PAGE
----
Building and Grounds
St. George’s Church
The property of St. George’s Church in Pungoteague is comprised of the church, parish house, memorial garden and vegetable garden. On St. George’s spacious grounds is a large cemetery with room for expansion. Both churches and parish houses are handicapped accessible.
The first of the two present-day churches was built in Pungoteague in 1676. Though the original is long gone, several wooden structures came and went before the first brick church was built in 1738. St. George’s church suffered damage during the Civil War. By war’s end, little remained of the original church but a roof and bare walls. In 1880, bricks from the damaged wings were used to convert the remaining structure into the church that stands today. Fortunately, the silver communion service given by Queen Anne has survived through the years and is still in use. St. George’s was added to the National Register of Historical Places in 1970. It is the third oldest church in the United States and the oldest house of worship standing on Virginia’s Eastern Shore.
The similar brick Parish House is adjacent to the church. New renovations include a new HVAC system, energy efficient double hung windows along with new carpet.
The Memorial Garden located between the church and Parish House was established in 1965. The focal point of the garden is a plaque dedicated to Lt. Edmund B. Scarborough, killed while serving in the Vietnam War. The brick walkway, flagpole and St. Francis statue add to the tranquility of surrounding shrubs and flowers.
The Vegetable Garden was developed three years ago to help provide produce for the Dos Santos food pantry. It has been maintained by students in the mostly Latino after school tutoring program and St George’s master gardener and member volunteers. We have also received tremendous assistance from other student and church work groups from areas as far away as New Hampshire.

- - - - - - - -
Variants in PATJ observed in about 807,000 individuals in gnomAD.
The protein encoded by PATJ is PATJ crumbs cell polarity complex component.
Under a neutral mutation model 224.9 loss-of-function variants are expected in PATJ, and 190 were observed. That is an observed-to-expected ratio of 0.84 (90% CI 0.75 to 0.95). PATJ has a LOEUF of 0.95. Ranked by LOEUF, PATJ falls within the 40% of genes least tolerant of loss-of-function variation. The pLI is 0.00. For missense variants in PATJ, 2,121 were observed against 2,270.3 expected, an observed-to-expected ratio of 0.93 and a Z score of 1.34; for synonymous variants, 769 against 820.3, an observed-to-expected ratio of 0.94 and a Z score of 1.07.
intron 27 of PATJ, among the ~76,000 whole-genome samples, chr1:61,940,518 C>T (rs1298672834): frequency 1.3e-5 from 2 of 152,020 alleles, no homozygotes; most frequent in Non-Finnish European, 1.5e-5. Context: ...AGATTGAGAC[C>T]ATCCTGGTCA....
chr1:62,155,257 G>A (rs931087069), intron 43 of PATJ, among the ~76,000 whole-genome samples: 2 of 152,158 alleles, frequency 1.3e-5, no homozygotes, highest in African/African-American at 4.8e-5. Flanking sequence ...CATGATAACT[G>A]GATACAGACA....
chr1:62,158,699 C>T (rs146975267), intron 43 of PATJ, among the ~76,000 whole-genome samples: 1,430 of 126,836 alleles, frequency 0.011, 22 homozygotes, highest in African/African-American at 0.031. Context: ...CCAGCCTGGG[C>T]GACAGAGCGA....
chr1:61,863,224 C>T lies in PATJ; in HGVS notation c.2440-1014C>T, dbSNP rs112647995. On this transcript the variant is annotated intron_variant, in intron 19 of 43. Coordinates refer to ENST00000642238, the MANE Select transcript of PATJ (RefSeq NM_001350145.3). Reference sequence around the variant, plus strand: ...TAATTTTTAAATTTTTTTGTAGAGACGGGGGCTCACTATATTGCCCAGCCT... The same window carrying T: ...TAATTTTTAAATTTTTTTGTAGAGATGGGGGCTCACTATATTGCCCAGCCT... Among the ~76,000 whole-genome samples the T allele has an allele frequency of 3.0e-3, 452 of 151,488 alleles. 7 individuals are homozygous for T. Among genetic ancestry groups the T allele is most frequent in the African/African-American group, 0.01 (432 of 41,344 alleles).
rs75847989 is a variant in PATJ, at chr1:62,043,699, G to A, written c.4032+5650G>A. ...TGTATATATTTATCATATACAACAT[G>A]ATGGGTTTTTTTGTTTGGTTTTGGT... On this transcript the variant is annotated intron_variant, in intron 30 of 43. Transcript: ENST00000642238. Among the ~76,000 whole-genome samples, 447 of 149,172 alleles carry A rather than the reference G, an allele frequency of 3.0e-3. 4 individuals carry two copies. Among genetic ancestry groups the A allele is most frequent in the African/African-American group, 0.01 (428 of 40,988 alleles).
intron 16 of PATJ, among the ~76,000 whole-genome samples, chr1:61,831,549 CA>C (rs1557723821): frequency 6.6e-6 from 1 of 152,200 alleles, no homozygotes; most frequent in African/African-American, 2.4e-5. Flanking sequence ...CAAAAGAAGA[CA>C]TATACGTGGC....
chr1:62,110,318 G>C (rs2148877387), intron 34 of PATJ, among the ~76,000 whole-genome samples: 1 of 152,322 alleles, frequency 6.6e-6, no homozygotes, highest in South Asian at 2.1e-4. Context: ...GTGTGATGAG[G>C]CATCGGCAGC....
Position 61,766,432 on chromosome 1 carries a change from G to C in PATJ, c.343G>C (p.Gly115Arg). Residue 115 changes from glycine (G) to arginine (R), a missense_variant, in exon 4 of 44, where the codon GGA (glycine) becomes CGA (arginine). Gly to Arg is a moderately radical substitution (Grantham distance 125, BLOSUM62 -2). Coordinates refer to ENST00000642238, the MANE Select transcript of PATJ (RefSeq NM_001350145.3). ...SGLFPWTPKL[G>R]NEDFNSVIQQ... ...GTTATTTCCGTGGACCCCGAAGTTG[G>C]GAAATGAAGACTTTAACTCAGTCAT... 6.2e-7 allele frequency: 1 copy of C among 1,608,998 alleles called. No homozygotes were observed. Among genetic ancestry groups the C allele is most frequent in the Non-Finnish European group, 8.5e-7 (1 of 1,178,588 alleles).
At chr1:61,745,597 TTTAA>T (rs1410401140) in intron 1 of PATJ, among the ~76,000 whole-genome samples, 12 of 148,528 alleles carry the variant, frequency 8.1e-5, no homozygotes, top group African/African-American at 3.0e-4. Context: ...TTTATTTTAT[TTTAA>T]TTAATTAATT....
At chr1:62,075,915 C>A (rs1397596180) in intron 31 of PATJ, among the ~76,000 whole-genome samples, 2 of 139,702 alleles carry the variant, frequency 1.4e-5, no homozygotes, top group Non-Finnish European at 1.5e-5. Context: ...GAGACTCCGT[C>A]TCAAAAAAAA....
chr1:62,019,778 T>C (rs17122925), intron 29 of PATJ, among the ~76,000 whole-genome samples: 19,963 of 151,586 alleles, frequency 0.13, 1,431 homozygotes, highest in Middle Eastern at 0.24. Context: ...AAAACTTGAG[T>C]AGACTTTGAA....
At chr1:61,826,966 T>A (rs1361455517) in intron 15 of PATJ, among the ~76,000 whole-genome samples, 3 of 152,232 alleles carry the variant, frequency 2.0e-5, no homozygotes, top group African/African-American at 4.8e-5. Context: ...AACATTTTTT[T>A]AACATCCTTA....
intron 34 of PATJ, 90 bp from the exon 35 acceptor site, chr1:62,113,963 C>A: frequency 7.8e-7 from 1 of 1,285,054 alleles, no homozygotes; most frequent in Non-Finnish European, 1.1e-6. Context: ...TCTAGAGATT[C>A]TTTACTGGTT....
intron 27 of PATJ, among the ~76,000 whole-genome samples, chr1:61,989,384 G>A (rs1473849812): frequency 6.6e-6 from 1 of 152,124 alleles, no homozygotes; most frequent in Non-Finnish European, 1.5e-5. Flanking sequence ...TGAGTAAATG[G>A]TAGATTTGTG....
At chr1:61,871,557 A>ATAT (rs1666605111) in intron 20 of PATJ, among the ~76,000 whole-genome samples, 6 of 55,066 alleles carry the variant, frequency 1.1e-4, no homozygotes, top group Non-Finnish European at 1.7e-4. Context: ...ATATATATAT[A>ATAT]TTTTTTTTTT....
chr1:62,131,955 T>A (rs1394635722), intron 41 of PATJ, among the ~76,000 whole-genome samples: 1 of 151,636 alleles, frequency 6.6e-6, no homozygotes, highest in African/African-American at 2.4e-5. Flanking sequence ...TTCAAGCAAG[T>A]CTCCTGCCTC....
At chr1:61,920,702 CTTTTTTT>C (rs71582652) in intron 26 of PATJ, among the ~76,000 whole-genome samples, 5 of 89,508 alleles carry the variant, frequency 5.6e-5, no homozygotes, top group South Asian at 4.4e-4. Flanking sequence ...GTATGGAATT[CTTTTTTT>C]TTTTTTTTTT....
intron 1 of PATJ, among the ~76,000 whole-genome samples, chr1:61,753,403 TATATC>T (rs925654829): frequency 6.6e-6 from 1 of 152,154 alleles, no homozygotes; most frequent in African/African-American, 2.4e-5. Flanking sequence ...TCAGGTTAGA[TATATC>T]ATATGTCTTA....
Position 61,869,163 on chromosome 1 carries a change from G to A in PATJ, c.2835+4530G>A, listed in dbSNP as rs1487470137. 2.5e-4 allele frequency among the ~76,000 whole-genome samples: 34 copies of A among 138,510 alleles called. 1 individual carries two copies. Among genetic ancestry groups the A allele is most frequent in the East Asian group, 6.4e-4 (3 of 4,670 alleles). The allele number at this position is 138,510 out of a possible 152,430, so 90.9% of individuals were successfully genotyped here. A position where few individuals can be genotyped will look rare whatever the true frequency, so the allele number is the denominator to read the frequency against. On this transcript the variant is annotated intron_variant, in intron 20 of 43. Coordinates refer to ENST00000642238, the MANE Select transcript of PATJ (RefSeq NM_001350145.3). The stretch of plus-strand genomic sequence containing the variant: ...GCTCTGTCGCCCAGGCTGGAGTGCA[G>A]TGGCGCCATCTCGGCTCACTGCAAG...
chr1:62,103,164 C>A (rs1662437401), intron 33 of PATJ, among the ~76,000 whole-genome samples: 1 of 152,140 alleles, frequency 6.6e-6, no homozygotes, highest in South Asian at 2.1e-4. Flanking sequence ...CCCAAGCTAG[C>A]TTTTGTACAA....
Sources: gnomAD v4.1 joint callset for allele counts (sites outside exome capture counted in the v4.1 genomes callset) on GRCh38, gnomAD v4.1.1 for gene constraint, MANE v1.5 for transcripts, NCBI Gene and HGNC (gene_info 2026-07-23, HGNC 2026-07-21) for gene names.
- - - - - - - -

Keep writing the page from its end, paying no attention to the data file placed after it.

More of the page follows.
St. James Church
The property of St. James Church in Accomac (originally named Drummondtowne & founded in 1664) is comprised of the church, parish house, rectory and office in spacious surroundings. Both churches and parish houses are handicapped accessible.
St. James, the ‘new’ church was organized in 1763, a century after the parish’s founding. The first structure was brick and located roughly a mile southwest of the present one. It was demolished in 1838, its materials used to build the current one. A Greek revival facade was added to the exterior, with four Doric columns on the high portico. The interior features extensive trompe l'oeil painting said to be the only surviving example of such decoration from that period. The vaulted ceiling features a blue medallion and symbolic flowers and foliage resembling tracery. A balcony extends across the back of the nave. The bronze church bell, cast in Spain in 1816 is inscribed: Anno Domini 1816 Jesus Maria I Jose; and is tuned to Middle C. The congregation still receives communion from a silver set given by Queen Elizabeth I. The church was listed on the National Register of Historic Places in 1969.
The brick Parish House is adjacent to the church, and has a fully equipped kitchen, carpeting and HVAC system.
The rectory is a 19th Century colonial with three stories and a basement. Dr. Richard Bayly built this imposing manor house in 1801. The brickwork throughout the big-house-colonnade-and kitchen sections is of fine quality and the interior, including handsome mantels, is significant. This building was used as one of the models by architects who restored Colonial Williamsburg and the cooking fireplace resembles the one in the Governor's Palace kitchen. The house was used as headquarters for the Accomack unit of the Union army from 1862 to 1865. The house which has both architectural and historical importance was purchased by the vestry in 1885 and has been used as the minister’s residence since. It features hot water baseboard heat with newly renovated electrical upgrades including central air.
The present rector’s office, a one-room structure, was built for a doctor’s office around 1844 and has had many uses and is part of the Eastern Shore’s history and architectural heritage. It is a one-bay house with a gable roof and brick chimney with structural features brought to the Shore from Medieval England. While the Union Army was headquartered in the main house, this small structure was used as a telegraph office for the Federal troops. The rectory and office are important pieces of our Eastern Shore heritage and the pride of the congregation. Both churches and parish houses are handicapped accessible.